Multi-Node Kubernetes Cluster

This time I wanted to install a multi-node cluster using kubeadm. For simplicity I am using one physical box with multipass, which allows me to have multiple virtual machines for the nodes.

Multipass is delivered using snap, and for installing snap one has to install (if not done already) the snap daemon snapd.

# apt-get install snapd # snap install multipass
Code language: Shell Session (shell)

Next step is installing the virtual machines. Our setup will start with a single node cluster, and we will then add the second node as a compute node.

I suggest allocating at least 2GB RAM, 5GB disk space and 2vCPU per node, but the more the better. In my setup I ended up with 4GB RAM, 20GB disk space and 4vCPUs per node.

# multipass launch --name k8s-control --cpus 4 --mem 4G --disk 20G # multipass launch --name k8s-node --cpus 4 --mem 4G --disk 20G
Code language: Shell Session (shell)

The node k8s-control will be our control plane, and k8s-node will be our compute node.

Let's check the status of the nodes after some time:

# multipass info --all Name: k8s-control State: Running IPv4: Release: Ubuntu 20.04.2 LTS Image hash: bca04157409e (Ubuntu 20.04 LTS) Load: 0.14 0.08 0.03 Disk usage: 1.2G out of 19.2G Memory usage: 166.4M out of 3.8G Name: k8s-node State: Running IPv4: Release: Ubuntu 20.04.2 LTS Image hash: bca04157409e (Ubuntu 20.04 LTS) Load: 0.31 0.12 0.04 Disk usage: 1.2G out of 19.2G Memory usage: 168.8M out of 3.8G
Code language: Shell Session (shell)

Looks good so far!

To access the node for our control plane we can use multipass k8s-control and we will be on the virtual machine.

We start with updating the node to the latest packages:

# multipass shell k8s-control ubuntu@k8s-control:~$ sudo apt-get update && sudo apt-get -y dist-upgrade
Code language: Shell Session (shell)

We will install CRI-O for the container runtime. Let's prepare for this:

ubuntu@k8s-control:~$ sudo modprobe overlay ubuntu@k8s-control:~$ sudo modprobe br_netfilter ubuntu@k8s-control:~$ sudo vi /etc/sysctl.d/99-kubernetes-cri.conf net.bridge.bridge-nf-call-iptables = 1 net.ipv4.ip_forward = 1 net.bridge.bridge-nf-call-ip6tables = 1 ubuntu@k8s-control:~$ sudo sysctl --system
Code language: Shell Session (shell)

Next is installing CRI-O.

$ sudo vi /etc/apt/sources.list.d/cri-o.list deb / deb / $ curl -L | sudo apt-key add - $ curl -L | sudo apt-key add - $ sudo apt-get update $ sudo apt-get install cri-o cri-o-runc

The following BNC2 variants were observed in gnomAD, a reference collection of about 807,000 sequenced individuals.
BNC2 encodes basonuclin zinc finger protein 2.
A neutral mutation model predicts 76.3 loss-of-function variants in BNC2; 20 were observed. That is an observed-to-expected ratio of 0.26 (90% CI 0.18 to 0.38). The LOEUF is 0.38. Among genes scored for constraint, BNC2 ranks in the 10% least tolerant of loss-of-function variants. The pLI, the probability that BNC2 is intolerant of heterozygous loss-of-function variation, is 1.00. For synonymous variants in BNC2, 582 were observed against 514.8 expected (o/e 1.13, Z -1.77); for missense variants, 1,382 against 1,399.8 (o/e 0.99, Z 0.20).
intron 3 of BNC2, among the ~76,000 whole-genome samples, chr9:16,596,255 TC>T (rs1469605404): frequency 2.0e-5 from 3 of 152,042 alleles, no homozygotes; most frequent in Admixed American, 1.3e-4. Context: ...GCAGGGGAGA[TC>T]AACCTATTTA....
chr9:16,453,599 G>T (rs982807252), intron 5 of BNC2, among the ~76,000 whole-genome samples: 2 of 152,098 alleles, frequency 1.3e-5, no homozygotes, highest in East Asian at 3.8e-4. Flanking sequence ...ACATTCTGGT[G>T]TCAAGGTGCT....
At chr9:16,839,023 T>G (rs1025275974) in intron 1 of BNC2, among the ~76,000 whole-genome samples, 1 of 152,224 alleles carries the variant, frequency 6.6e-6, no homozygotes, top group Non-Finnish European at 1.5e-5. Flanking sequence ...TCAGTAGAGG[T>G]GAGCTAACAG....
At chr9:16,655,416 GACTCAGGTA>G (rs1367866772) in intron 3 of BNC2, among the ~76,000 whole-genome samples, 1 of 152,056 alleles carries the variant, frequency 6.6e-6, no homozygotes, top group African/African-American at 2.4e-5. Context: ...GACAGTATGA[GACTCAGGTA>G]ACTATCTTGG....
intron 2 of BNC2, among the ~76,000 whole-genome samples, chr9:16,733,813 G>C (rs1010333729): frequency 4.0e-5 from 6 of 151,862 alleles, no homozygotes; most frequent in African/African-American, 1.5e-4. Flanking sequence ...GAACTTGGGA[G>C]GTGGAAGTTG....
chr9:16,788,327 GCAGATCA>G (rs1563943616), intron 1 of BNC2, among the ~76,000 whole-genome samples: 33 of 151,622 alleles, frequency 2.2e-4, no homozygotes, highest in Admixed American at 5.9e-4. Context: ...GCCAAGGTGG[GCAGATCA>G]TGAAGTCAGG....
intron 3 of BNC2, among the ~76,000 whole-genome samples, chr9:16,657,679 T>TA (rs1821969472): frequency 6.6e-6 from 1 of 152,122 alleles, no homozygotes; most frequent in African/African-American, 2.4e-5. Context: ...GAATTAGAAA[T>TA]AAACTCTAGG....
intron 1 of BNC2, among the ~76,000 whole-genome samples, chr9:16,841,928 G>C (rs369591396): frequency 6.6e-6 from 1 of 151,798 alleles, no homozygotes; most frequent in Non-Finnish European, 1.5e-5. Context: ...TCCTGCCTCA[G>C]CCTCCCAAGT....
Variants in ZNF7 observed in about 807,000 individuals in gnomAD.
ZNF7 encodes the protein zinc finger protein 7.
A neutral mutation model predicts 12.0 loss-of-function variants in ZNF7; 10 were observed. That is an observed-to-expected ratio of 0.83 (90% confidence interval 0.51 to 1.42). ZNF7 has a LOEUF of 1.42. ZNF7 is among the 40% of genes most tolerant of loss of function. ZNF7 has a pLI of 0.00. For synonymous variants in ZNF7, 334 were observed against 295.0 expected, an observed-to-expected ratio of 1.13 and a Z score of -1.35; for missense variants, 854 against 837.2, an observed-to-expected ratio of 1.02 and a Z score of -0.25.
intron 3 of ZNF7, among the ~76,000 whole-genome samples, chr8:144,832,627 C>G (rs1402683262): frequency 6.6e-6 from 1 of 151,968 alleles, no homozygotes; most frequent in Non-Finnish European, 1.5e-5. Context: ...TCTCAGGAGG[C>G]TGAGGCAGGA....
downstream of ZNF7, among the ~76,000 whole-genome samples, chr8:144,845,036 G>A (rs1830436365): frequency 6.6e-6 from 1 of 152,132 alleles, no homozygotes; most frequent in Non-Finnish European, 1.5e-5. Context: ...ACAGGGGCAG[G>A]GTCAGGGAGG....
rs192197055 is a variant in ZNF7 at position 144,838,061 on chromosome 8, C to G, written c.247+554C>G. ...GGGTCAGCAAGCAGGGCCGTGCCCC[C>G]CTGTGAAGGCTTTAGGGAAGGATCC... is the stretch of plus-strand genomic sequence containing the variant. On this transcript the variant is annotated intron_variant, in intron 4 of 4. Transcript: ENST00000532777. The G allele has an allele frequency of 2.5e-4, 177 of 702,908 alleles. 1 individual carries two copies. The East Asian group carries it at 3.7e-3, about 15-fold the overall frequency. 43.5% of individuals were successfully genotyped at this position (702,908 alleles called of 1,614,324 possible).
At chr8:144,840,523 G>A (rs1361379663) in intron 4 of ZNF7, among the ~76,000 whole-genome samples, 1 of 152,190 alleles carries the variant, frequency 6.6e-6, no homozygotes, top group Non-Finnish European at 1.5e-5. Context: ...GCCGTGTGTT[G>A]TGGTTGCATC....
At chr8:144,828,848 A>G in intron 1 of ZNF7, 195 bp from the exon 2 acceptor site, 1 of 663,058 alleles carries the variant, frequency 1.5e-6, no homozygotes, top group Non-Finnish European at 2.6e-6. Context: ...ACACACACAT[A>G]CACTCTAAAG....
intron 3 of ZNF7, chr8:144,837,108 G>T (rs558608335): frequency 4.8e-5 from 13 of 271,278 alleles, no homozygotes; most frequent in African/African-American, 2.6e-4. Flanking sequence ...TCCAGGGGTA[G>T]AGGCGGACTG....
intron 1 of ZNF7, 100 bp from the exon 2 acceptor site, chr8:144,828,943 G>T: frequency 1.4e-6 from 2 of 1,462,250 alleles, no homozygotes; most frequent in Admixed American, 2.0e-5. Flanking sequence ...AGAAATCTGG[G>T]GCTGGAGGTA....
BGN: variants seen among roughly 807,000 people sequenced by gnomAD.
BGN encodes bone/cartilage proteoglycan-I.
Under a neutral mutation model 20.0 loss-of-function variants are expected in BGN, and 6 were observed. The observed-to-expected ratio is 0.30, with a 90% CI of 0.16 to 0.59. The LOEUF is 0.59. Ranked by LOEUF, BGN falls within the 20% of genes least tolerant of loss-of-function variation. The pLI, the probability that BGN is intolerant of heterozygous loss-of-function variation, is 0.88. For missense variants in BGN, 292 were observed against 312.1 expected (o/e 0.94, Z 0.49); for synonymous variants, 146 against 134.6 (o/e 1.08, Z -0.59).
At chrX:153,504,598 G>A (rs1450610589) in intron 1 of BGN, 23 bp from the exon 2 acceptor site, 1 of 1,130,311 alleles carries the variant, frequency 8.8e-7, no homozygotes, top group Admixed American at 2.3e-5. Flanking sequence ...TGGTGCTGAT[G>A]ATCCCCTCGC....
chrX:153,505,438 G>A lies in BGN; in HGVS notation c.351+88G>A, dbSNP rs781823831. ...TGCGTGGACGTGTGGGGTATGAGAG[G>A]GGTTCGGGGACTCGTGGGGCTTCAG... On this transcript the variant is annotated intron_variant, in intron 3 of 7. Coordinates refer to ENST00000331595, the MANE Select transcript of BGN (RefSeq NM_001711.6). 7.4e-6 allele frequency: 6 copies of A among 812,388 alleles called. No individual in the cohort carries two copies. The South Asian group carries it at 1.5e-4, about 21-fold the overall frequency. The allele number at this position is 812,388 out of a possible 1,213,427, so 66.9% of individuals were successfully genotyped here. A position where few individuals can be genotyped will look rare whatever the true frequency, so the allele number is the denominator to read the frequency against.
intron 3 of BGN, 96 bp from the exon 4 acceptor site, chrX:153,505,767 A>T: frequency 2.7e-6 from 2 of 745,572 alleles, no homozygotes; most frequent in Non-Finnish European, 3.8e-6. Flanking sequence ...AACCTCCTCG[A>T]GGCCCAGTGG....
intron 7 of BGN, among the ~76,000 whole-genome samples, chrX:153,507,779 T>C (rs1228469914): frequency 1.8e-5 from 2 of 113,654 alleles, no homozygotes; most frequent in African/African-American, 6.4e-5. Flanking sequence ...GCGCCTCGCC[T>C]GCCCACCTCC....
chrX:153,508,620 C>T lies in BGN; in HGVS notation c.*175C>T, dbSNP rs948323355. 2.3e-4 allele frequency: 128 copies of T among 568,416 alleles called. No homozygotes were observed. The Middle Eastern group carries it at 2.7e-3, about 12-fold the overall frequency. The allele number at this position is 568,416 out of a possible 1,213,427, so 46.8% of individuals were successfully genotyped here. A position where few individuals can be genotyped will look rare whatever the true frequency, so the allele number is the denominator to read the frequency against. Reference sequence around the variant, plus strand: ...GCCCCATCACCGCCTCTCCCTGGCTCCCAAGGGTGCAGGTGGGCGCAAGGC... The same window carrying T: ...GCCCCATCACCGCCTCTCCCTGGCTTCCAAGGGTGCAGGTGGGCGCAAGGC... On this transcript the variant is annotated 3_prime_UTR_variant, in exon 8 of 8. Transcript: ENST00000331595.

Code language: Shell Session (shell)

Now we can start the CRI-O runtime:

ubuntu@k8s-control:~$ sudo systemctl daemon-reload ubuntu@k8s-control:~$ sudo systemctl enable crio ubuntu@k8s-control:~$ sudo systemctl start crio ubuntu@k8s-control:~$ sudo systemctl status crio
Code language: Shell Session (shell)

Next step: install kubadm. For this we also make sure that kubelet will find the CRI-O runtime.

ubuntu@k8s-control:~$ sudo vi /etc/default/kubelet KUBELET_EXTRA_ARGS=--feature-gates="AllAlpha=false,RunAsGroup=true" --container-runtime=remote --cgroup-driver=systemd --container-runtime-endpoint='unix:///var/run/crio/crio.sock' --runtime-request-timeout=5m
Code language: Shell Session (shell)

Adding the repo for kubernetes. There is no entry for "focal" (20.04) so we use the entry for xenial which is still working fine.

ubuntu@k8s-control:~$ sudo vi /etc/apt/sources.list.d/kubernetes.list deb kubernetes-xenial main ubuntu@k8s-control:~$ curl -L | sudo apt-key add - ubuntu@k8s-control:~$ sudo apt-get update ubuntu@k8s-control:~$ sudo apt-get install -y kubeadm=1.18.1-00 kubelet=1.18.1-00 kubectl=1.18.1-00
Code language: Shell Session (shell)

Updates of kubeadm and other tools must be controlled, we are locking the current version in.

ubuntu@k8s-control:~$ sudo apt-mark hold kubelet kubeadm kubectl
Code language: Shell Session (shell)

Next we look into installing Calico for networking.

ubuntu@k8s-control:~$ wget
Code language: Shell Session (shell)

There is one setting for the IPv4 pool which is used to allocate addresses to pods. This pool (by default should not conflict with other addresses in the cluster.

Next is to add the local IP address of the control plane to the /etc/hosts file, with a name - I'm using k8smaster in this example.

sudo vi /etc/hosts<br> k8smaster
Code language: Shell Session (shell)

As multipass is managing the /etc/hosts file we also have to update the template to ensure this value will not be changed later:

sudo vi /etc/cloud/templates/hosts.debian.tmpl
Code language: Shell Session (shell)

Following this we create a simple kubeadm configuration for initializing the master:

vi kubeadm-config.yaml

apiVersion: kind: ClusterConfiguration kubernetesVersion: 1.18.1 controlPlaneEndpoint: "k8smaster:6443" networking: podSubnet:
Code language: YAML (yaml)

With this file we can now initialize the cluster:

sudo kubeadm init --config=kubeadm-config.yaml --upload-certs \<br> | tee kubeadm-init.out
Code language: Shell Session (shell)

To have control access, we copy the kube-config file for the current user:

ubuntu@k8s-control:~$ mkdir .kube ubuntu@k8s-control:~$ sudo cp -i /etc/kubernetes/admin.conf .kube/config ubuntu@k8s-control:~$ sudo chown ubuntu: .kube/config
Code language: Shell Session (shell)

And we can now apply the calico configuration.

kubectl apply -f calico.yaml
Code language: Shell Session (shell)

For future ease we can update bash completion, using the defaults by Kubernetes:

echo "source <(kubectl completion bash)" >> $HOME/.bashrc
Code language: Shell Session (shell)

Next step is connecting our second worker node to the cluster.

Vanilla k8s on Hetzner

To learn more about k8s I wanted to install a vanilla k8s single-node cluster on top of a Hetzner baremetal server.

First I installed Ubuntu 20.04 on it, using LVM and RAID1.